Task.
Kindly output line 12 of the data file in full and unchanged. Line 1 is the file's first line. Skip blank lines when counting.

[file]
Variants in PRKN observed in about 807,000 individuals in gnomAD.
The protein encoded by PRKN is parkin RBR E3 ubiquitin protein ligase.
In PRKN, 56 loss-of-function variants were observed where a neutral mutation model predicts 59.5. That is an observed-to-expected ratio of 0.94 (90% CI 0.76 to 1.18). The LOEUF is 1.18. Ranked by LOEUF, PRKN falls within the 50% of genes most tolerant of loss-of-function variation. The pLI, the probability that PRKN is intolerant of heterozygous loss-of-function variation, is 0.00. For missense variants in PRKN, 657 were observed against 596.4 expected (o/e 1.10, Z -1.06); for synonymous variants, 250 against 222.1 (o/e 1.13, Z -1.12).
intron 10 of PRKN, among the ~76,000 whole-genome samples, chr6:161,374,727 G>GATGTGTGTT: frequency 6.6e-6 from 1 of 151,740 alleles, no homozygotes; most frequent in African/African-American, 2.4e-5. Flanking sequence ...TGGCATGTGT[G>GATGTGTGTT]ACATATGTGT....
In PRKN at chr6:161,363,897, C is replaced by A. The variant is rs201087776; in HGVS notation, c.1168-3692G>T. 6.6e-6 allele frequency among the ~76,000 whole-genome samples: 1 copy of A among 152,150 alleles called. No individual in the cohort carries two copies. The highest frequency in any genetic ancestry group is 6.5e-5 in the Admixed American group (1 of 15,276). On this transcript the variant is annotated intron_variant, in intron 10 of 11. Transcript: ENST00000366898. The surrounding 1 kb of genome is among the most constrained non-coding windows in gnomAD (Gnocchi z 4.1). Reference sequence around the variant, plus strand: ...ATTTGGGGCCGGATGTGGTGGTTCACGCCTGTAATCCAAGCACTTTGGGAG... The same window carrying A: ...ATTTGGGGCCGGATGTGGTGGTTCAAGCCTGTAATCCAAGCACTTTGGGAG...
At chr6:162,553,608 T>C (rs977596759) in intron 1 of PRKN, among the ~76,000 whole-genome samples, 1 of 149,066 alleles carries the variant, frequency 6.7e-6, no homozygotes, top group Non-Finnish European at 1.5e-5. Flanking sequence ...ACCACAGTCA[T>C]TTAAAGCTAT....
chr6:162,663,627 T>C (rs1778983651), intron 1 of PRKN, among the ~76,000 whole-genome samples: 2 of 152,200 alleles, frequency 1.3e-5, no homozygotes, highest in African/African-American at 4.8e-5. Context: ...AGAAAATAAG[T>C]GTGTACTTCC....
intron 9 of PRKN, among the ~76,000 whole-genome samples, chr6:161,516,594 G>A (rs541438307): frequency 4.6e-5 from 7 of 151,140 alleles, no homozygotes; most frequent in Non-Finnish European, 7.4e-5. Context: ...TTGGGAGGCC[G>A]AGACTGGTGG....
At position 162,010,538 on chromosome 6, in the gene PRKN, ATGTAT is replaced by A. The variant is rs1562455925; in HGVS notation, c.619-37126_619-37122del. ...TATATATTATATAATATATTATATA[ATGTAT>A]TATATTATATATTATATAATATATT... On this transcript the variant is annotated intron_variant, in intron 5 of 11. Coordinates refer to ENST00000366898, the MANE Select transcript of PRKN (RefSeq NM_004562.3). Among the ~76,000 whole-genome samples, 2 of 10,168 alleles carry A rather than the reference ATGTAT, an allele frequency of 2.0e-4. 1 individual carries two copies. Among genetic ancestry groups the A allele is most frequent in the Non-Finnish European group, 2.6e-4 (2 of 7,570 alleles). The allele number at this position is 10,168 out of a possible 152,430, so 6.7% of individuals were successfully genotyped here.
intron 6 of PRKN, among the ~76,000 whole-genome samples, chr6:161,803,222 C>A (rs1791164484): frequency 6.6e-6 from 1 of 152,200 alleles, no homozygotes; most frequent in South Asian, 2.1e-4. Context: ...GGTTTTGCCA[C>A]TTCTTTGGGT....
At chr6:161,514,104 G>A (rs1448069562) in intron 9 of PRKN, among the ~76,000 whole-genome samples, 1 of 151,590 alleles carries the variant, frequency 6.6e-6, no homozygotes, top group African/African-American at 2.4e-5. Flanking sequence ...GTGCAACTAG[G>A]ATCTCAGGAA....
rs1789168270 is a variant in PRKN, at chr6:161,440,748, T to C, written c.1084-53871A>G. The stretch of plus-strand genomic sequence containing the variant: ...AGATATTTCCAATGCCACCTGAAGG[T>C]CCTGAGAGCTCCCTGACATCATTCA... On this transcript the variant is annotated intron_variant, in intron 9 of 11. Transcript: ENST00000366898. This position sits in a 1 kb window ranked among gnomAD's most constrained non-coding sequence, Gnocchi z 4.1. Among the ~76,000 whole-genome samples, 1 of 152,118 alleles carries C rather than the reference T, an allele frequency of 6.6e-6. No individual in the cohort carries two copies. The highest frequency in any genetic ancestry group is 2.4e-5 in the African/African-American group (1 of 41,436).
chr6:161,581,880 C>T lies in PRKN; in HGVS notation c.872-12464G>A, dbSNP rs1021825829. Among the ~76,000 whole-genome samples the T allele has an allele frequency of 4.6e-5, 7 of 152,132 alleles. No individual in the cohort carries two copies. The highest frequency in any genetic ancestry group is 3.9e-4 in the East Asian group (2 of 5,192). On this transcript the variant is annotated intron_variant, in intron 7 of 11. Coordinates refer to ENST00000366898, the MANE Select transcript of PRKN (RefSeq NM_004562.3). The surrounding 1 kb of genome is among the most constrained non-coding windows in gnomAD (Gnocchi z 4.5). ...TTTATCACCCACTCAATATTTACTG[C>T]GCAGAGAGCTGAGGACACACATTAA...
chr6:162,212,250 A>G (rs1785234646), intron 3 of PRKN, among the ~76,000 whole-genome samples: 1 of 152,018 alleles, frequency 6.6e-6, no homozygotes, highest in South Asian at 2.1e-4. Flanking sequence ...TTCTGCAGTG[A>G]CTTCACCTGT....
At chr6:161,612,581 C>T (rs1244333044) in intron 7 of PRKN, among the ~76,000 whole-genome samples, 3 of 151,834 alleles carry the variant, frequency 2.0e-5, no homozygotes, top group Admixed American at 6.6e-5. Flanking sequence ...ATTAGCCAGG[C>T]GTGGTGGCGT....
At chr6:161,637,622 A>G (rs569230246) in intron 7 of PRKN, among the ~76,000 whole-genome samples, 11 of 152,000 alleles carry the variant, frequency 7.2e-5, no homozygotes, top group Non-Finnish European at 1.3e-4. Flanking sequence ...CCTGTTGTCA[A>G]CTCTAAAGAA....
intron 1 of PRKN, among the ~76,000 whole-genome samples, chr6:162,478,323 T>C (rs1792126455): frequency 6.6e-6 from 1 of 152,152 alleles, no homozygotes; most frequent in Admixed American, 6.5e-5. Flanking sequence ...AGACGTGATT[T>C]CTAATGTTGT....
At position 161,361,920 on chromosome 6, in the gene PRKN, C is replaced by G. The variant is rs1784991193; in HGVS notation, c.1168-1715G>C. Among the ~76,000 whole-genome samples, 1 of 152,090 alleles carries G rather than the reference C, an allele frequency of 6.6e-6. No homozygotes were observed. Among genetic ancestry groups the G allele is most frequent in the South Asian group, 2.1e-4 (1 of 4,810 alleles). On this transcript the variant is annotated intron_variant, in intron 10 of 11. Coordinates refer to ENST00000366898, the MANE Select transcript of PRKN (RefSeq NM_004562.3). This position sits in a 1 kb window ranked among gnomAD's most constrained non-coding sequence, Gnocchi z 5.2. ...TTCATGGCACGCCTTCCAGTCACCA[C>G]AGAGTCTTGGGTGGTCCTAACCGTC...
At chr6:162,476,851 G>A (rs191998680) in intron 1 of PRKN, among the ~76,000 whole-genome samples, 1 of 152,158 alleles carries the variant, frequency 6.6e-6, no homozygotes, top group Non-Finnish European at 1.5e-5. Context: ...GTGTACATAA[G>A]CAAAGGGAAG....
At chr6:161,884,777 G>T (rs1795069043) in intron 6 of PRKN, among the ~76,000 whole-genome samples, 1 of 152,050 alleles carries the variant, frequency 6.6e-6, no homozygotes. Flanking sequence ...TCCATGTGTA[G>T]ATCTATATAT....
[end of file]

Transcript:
rs1789168270 is a variant in PRKN, at chr6:161,440,748, T to C, written c.1084-53871A>G. The stretch of plus-strand genomic sequence containing the variant: ...AGATATTTCCAATGCCACCTGAAGG[T>C]CCTGAGAGCTCCCTGACATCATTCA... On this transcript the variant is annotated intron_variant, in intron 9 of 11. Transcript: ENST00000366898. This position sits in a 1 kb window ranked among gnomAD's most constrained non-coding sequence, Gnocchi z 4.1. Among the ~76,000 whole-genome samples, 1 of 152,118 alleles carries C rather than the reference T, an allele frequency of 6.6e-6. No individual in the cohort carries two copies. The highest frequency in any genetic ancestry group is 2.4e-5 in the African/African-American group (1 of 41,436).